Sometimes persevering is simply taking the next step. February's seminar on caring for the orphan offered a wealth of resources to help you take that one step forward in caring for the vulnerable. Again, thanks to the Culture Impact Committee of College Church for putting together this seminar.
Light and Beauty
Before we list resources, read the short message eleven-year-old Ela Parker shared at the seminar that captures the light and beauty of adoption.
Whenever I hear the word "adoption," it means family to me. You have a new family when you get adopted. To me, adoption has two meanings:
1. To be adopted into God's family in heaven and to be with him forever in his presence. he is our Father in heaven. He loves us so much.
2. Another meaning adoption has for me is parents and siblings. More than just family and siblings . . . it's a family that cares who you are and they want to help you. they love you no matter what, even if you have a disability or something wrong with you. they still love you just as God loves you. they don't judge you the way other people might. They see light in you and beauty. God loves us so much he made each of us different in a good way.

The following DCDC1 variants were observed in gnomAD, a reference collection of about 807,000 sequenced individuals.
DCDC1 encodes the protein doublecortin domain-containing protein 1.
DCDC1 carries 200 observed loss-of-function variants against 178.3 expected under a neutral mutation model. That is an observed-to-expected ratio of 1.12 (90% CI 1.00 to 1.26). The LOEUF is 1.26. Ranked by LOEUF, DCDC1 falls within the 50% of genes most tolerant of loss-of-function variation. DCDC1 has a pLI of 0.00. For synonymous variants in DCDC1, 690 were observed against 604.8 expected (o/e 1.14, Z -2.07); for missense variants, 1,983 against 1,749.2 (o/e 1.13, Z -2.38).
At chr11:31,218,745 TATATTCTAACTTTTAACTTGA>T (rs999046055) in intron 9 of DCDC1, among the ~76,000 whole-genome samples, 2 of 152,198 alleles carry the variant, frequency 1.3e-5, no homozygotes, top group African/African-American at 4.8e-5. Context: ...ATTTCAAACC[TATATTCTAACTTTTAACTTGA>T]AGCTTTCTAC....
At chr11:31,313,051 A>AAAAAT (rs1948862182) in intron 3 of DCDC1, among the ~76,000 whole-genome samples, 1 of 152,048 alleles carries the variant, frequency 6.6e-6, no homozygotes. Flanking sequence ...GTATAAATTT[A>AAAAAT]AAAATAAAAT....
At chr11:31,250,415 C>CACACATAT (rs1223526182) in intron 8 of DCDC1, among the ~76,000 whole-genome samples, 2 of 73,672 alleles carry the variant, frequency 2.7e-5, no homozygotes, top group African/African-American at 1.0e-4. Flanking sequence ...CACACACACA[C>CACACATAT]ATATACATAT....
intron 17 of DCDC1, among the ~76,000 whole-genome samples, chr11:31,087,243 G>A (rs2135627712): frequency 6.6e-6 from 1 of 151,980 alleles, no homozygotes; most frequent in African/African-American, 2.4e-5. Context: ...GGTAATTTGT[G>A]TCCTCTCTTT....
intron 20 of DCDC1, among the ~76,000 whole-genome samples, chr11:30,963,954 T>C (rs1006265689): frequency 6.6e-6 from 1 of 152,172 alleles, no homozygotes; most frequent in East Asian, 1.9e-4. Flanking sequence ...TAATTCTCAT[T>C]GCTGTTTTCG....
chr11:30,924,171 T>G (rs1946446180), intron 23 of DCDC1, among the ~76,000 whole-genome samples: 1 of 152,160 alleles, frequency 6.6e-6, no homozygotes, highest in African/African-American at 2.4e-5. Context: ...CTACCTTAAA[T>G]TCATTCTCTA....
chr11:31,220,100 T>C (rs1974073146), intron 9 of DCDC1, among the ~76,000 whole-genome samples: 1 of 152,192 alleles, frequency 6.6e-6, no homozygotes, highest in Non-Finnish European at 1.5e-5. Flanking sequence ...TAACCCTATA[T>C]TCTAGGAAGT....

This is what adoption means to me.
Ela Faith Parker (daughter of Mike and Sasha Parker)
The Culture Impact Committee put together a list of books and websites to help you in this journey of caring for the orphans.
- Adopted for Life: The Priority of Adoption for Christian Families & Churches by Russell D. Moore
- Becoming Home by Jedd Medefind
- Orphanology: Awakening to Gospel-Centered Adoption and Orphan Care by Tony Merida and Rick Morton
- A Passion for the Fatherless: Developing a God-Centered Ministry to Orphans by Daniel J. Bennett
- Fields of the Fatherless by C. Thomas Davis
- Forever Mom: What to Expect when You’re Adopting by Mary Ostyn
- Reclaiming Adoption: Missional Living Through the Rediscovery of Abba Father Daniel Cruver, ed.
- Hello, I Love You: Adventures in Adoptive Fatherhood by Ted Kluck
- Helping Your Adopted Child: Understanding Your Child’s Unique Identity by Paul Tripp